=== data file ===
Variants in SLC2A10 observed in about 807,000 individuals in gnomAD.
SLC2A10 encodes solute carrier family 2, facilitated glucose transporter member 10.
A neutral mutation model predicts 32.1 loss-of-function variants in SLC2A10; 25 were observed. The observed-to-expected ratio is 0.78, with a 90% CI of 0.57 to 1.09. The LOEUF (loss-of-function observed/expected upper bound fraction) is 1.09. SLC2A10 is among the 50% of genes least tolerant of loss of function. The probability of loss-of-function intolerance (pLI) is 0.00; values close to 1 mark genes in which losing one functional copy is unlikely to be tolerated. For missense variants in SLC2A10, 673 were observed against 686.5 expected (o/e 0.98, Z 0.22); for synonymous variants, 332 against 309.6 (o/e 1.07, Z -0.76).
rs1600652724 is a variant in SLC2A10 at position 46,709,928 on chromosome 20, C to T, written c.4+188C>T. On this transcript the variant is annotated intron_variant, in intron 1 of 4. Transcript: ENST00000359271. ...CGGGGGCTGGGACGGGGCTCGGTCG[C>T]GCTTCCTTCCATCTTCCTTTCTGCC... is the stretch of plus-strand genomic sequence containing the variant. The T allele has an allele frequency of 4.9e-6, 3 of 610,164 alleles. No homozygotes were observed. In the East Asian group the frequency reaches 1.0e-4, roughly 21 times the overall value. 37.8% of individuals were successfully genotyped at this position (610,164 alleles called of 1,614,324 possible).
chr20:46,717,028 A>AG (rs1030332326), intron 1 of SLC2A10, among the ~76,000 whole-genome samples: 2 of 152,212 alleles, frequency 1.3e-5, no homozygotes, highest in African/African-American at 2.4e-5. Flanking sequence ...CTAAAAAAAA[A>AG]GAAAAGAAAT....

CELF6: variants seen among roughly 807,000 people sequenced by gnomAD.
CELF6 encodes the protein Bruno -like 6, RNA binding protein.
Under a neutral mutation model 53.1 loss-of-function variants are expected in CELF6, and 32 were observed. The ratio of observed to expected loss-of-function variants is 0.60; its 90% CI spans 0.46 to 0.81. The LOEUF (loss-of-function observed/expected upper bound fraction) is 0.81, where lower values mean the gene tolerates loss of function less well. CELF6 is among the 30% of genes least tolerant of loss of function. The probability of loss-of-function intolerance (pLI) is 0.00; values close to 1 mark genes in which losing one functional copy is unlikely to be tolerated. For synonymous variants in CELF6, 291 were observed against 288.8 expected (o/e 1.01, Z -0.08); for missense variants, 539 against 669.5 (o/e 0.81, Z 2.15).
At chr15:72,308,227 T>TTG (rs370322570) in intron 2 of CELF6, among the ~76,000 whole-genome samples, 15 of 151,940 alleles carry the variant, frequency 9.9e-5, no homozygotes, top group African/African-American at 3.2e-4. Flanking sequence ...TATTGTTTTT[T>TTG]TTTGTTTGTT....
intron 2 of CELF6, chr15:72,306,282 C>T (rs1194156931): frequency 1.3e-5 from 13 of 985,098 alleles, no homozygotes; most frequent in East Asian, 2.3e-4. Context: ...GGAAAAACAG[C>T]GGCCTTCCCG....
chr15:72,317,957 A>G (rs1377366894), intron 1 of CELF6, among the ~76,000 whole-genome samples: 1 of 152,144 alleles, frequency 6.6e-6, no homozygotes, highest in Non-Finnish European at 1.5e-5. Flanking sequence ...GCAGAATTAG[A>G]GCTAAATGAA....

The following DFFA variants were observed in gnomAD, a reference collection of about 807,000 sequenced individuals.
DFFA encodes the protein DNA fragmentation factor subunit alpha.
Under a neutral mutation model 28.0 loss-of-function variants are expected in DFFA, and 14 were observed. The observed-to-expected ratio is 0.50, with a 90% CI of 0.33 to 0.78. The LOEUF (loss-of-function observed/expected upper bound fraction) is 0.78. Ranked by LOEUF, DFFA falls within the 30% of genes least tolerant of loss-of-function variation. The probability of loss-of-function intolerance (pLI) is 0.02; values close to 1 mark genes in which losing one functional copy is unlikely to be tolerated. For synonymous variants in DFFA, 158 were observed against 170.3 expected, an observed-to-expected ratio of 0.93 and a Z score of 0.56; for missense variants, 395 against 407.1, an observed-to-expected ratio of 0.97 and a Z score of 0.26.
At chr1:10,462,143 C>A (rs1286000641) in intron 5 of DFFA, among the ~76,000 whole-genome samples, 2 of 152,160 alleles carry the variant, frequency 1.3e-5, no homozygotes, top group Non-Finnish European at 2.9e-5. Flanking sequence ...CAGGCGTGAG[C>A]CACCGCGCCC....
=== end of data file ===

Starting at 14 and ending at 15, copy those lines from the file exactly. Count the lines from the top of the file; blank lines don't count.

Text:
Under a neutral mutation model 28.0 loss-of-function variants are expected in DFFA, and 14 were observed. The observed-to-expected ratio is 0.50, with a 90% CI of 0.33 to 0.78. The LOEUF (loss-of-function observed/expected upper bound fraction) is 0.78. Ranked by LOEUF, DFFA falls within the 30% of genes least tolerant of loss-of-function variation. The probability of loss-of-function intolerance (pLI) is 0.02; values close to 1 mark genes in which losing one functional copy is unlikely to be tolerated. For synonymous variants in DFFA, 158 were observed against 170.3 expected, an observed-to-expected ratio of 0.93 and a Z score of 0.56; for missense variants, 395 against 407.1, an observed-to-expected ratio of 0.97 and a Z score of 0.26.
At chr1:10,462,143 C>A (rs1286000641) in intron 5 of DFFA, among the ~76,000 whole-genome samples, 2 of 152,160 alleles carry the variant, frequency 1.3e-5, no homozygotes, top group Non-Finnish European at 2.9e-5. Flanking sequence ...CAGGCGTGAG[C>A]CACCGCGCCC....